From: Greg Fisher
To: Sandra F. Braunstein, Federal Reserve
Subject: credit score, employers, Federal Reserve, 2010-03-24
cc: Michelle A. Smith, Federal Reserve; ConsumerHelp@FederalReserve.gov; Pierce Nelson, Sibyl Slade, Jean Tate, Federal Reserve, Atlanta; Federal Trade Commission Office of Public Affairs; Gerri Willis, CNN; email@example.com; firstname.lastname@example.org; Aleksandra Todorova, Stephanie Auwerter, SmartMoney; Elizabeth Warren; email@example.com; firstname.lastname@example.org; email@example.com; Gosia Wozniacka, The Oregonian; Jennifer Openshaw; PublicAffairs@dobi.state.nj.us; firstname.lastname@example.org; John Peace, Don Robert, Susan Henson, Susan Thomas, Media Relations, Corporate Responsibility, Experian; email@example.com; firstname.lastname@example.org; email@example.com; firstname.lastname@example.org; email@example.com; firstname.lastname@example.org; email@example.com; firstname.lastname@example.org; Barry Paperno, Craig Watts, FICO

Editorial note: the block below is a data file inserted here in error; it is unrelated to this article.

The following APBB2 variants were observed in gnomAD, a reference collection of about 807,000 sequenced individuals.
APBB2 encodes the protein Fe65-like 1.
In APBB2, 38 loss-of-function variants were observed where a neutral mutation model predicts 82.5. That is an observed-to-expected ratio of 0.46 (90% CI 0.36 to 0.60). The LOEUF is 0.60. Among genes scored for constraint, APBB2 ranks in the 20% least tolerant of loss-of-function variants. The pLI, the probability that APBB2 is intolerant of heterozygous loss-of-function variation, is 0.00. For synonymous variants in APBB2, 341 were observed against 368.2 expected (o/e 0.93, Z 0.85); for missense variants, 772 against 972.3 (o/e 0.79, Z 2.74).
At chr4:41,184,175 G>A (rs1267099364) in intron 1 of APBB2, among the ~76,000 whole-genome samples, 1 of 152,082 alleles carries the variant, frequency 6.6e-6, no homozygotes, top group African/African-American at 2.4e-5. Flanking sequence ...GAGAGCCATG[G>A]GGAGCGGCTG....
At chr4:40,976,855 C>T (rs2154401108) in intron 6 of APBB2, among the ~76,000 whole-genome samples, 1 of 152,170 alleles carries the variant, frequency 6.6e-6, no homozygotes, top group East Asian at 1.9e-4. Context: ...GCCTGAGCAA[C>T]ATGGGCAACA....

See http://www.creditscoring.com/influence/government/federalreserve/employers2009atlanta.html and http://blog.creditscoring.com/?p=1154.
Last month, you stated to congress: “Credit scoring is widely used to evaluate applications for credit, identify prospective borrowers, and manage and price new and existing credit accounts. It is also used to facilitate decisionmaking in other areas including insurance, housing, and employment.”
However, consumer reporting agencies who compile and maintain files on consumers on a nationwide basis state that they do not use credit scores for employment purposes.
What evidence suggests that employers use credit scores?
How many employers use credit scores?
Do you have the identity of one employer who uses credit scores?
The Credit Scoring Site
PO Box 342
Dayton, Ohio 45409-0342